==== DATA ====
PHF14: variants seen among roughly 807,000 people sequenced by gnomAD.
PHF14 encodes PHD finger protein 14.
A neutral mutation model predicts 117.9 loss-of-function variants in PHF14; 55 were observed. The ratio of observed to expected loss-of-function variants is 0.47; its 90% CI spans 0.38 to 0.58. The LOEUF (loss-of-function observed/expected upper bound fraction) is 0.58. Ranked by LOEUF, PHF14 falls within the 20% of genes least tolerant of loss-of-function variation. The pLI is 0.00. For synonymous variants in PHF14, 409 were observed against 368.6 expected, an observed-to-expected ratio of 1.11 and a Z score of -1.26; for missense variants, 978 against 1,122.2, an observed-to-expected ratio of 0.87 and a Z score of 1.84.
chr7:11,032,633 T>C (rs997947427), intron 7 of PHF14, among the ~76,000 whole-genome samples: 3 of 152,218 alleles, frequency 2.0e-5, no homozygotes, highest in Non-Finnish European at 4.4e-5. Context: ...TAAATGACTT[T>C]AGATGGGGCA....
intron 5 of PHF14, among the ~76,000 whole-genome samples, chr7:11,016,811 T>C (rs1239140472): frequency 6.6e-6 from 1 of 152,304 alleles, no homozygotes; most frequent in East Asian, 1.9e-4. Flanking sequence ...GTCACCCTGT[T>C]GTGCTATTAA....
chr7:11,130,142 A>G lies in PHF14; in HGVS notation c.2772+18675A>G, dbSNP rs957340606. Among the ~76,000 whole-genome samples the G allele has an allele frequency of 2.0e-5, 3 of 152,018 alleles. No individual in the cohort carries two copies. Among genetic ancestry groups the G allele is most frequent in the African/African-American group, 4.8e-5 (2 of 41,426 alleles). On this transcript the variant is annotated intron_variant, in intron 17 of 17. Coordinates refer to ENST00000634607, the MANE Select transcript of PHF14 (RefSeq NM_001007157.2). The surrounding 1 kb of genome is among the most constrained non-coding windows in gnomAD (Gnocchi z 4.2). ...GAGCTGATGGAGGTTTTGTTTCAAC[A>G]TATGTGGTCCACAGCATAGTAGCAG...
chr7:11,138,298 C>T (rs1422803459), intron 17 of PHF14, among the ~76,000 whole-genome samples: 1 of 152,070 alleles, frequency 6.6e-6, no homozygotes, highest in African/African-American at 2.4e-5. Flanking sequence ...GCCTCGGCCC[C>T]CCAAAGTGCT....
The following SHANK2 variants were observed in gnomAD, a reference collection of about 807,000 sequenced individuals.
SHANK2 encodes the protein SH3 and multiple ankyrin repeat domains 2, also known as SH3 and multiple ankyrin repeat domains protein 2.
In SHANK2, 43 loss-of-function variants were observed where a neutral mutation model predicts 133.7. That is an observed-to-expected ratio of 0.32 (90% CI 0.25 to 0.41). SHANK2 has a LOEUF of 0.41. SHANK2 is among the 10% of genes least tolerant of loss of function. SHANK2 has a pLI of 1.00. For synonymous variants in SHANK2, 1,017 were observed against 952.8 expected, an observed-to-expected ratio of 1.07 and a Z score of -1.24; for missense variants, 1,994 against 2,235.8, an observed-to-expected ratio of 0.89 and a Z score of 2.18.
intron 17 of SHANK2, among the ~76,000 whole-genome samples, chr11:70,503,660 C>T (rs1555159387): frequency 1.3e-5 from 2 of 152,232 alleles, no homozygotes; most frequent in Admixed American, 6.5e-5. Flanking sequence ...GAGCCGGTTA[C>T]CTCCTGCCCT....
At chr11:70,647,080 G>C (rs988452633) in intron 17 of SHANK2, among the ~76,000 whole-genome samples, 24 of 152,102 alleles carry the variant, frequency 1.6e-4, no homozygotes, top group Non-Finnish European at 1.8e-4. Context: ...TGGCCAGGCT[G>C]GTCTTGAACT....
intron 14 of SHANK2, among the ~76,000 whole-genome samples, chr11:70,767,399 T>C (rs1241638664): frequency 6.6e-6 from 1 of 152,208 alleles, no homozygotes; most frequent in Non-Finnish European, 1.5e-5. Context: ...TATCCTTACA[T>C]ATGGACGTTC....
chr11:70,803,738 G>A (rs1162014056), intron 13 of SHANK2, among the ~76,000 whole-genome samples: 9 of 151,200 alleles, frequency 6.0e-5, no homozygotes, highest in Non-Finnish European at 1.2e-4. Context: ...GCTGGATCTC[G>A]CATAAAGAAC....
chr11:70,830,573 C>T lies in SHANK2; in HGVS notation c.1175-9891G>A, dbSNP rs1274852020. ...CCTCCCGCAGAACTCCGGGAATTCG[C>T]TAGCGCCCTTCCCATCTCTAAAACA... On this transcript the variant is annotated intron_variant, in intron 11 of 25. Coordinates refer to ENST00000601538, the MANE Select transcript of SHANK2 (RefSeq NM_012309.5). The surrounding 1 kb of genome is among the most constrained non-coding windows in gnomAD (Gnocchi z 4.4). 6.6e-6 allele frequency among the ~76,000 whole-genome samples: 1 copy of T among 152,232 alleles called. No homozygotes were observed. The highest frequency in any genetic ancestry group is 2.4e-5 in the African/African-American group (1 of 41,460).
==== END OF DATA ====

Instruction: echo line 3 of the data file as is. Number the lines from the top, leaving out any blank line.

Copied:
A neutral mutation model predicts 117.9 loss-of-function variants in PHF14; 55 were observed. The ratio of observed to expected loss-of-function variants is 0.47; its 90% CI spans 0.38 to 0.58. The LOEUF (loss-of-function observed/expected upper bound fraction) is 0.58. Ranked by LOEUF, PHF14 falls within the 20% of genes least tolerant of loss-of-function variation. The pLI is 0.00. For synonymous variants in PHF14, 409 were observed against 368.6 expected, an observed-to-expected ratio of 1.11 and a Z score of -1.26; for missense variants, 978 against 1,122.2, an observed-to-expected ratio of 0.87 and a Z score of 1.84.